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We are about to enter an era where it will be easier than ever for movies to harness the power and wisdom of the crowd to produce new stories outside of traditional structures. The movie industry is just starting to realize how concepts like NFTs could disrupt its world as if it had art, celebrities, and gaming.
The potential to democratize and decentralize decision-making and support, through the use of the DAO structure, will enable anyone, not just powerful producers and studios, to potentially tap the next Spielberg or Tarantino on the shoulder.
Will 2022 indeed be the year of the DAO in Hollywood?
Limitations of Current Movie Crowdfunding
First a little context. When the Academy of Motion Picture Arts and Sciences announced its award nominations earlier this month, it was no surprise that Netflix continued to dominate those awards into the 2020s with a studio leading 27 nominations for 10 different titles. Despite the growing influence of Netflix when it comes to the prestige of the box office through the small streaming screen, or of Disney and the MCU for watching blockbusters ripped from the pages of a comic book in the theater, the real innovation for the rest of modern film production, which is still the bulk of it, takes place on the periphery of the indie film ecosystem.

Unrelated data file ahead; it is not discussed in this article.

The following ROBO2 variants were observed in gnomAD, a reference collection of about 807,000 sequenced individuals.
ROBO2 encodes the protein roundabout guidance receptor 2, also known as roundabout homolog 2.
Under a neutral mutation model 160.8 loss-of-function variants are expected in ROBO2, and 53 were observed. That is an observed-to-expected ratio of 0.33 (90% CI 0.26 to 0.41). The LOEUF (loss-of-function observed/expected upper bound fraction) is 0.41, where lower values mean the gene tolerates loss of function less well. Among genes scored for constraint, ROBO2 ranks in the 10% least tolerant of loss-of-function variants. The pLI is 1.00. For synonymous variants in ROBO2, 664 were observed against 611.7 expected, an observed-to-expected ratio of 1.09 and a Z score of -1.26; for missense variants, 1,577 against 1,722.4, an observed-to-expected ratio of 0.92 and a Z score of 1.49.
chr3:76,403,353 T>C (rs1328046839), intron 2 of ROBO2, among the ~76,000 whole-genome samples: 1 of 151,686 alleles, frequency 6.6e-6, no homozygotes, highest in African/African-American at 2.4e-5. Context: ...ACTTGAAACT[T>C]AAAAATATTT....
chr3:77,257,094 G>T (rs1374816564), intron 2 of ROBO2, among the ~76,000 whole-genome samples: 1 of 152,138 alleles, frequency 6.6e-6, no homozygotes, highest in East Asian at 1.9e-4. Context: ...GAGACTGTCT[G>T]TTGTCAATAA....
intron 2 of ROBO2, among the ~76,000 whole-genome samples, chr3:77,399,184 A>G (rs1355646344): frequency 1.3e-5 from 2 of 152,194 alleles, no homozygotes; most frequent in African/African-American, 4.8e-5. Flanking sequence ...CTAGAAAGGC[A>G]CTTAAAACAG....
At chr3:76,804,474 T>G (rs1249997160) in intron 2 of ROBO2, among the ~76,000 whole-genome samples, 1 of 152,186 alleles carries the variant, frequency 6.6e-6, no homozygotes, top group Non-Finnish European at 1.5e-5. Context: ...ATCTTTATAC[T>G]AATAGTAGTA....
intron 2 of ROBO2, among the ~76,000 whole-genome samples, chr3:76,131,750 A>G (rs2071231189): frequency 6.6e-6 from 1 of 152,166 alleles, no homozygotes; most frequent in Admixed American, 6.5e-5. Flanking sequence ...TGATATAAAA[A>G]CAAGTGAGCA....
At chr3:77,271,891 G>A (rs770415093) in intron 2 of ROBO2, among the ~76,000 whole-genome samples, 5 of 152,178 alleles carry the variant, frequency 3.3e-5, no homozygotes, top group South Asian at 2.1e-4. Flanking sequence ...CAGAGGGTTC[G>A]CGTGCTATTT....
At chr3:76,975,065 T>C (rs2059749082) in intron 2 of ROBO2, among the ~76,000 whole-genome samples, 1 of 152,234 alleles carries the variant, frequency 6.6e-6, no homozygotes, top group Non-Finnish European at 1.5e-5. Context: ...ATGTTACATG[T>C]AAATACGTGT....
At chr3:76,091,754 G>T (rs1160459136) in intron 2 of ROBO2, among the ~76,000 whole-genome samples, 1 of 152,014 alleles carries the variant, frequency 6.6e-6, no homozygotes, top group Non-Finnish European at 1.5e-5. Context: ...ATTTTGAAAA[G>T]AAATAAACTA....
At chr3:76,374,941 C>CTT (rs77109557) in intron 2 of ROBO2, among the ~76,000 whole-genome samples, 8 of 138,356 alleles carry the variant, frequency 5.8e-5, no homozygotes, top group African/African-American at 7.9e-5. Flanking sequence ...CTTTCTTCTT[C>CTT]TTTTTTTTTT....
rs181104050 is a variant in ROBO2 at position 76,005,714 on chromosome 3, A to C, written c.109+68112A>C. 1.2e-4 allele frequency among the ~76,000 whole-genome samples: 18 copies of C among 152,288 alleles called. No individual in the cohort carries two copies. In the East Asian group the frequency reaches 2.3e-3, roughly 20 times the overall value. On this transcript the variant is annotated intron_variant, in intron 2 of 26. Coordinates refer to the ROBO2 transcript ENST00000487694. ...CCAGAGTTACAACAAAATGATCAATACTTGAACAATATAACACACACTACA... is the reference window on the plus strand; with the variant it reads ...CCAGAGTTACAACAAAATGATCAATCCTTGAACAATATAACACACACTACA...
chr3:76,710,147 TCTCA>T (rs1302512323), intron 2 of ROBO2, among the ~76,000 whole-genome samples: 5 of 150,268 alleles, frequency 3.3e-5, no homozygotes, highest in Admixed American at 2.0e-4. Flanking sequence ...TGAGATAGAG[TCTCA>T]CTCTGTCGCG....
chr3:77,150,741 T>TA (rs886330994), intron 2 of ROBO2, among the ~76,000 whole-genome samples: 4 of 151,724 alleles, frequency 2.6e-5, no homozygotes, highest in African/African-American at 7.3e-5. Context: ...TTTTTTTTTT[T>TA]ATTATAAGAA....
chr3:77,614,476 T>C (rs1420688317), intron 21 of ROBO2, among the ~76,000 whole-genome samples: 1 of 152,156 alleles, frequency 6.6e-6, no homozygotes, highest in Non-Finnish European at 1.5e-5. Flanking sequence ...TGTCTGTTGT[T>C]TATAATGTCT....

While platforms like Kickstarter and Indiegogo have boomed over the past decade, smaller movies like Veronica Mars, The Babadook, Anomalisa, and Super Troopers 2 were able to get a significant chunk of their budget from those platforms. In the case of Veronica Mars, it was almost entirely the film’s budget. These donations from users, usually in exchange for a reward such as early access, movie props, or meeting the stars, not only helped support these films financially, but also generated early cycles of attention and buzz almost worthy of an Oscar campaign.
However, the successes of crowdfunding for content prior to the development of these platforms were mostly limited to the mid-2010s with the exception of something like Mystery Science Theater 3000. The ultimate problem for these platforms is that they were best used by those strong fan-driven traits like Veronica Mars or MST3K, not projects that were essentially unknown quantities in pre-development, which is just about any movie project.
The Cultural Revolution of DAO
Now we are about to enter an era where it will be easier than ever for movies to harness the power and wisdom of the crowd to produce new stories outside of traditional structures. The movie industry is just starting to realize how concepts like NFTs could disrupt its world as if it had art, celebrities, and gaming. The potential to democratize and decentralize decision-making and support, through the use of the DAO structure, will enable anyone, not just powerful producers and studios, to potentially tap the next Spielberg or Tarantino on the shoulder.
While Vitalik Buterin’s 2013 Ethereum whitepaper focused on how a blockchain token can be used to represent contracts and smart property, the recent popularity of NFTs shows how the original principles of tokenization can be applied to creative works, be it artwork, music or filmed content.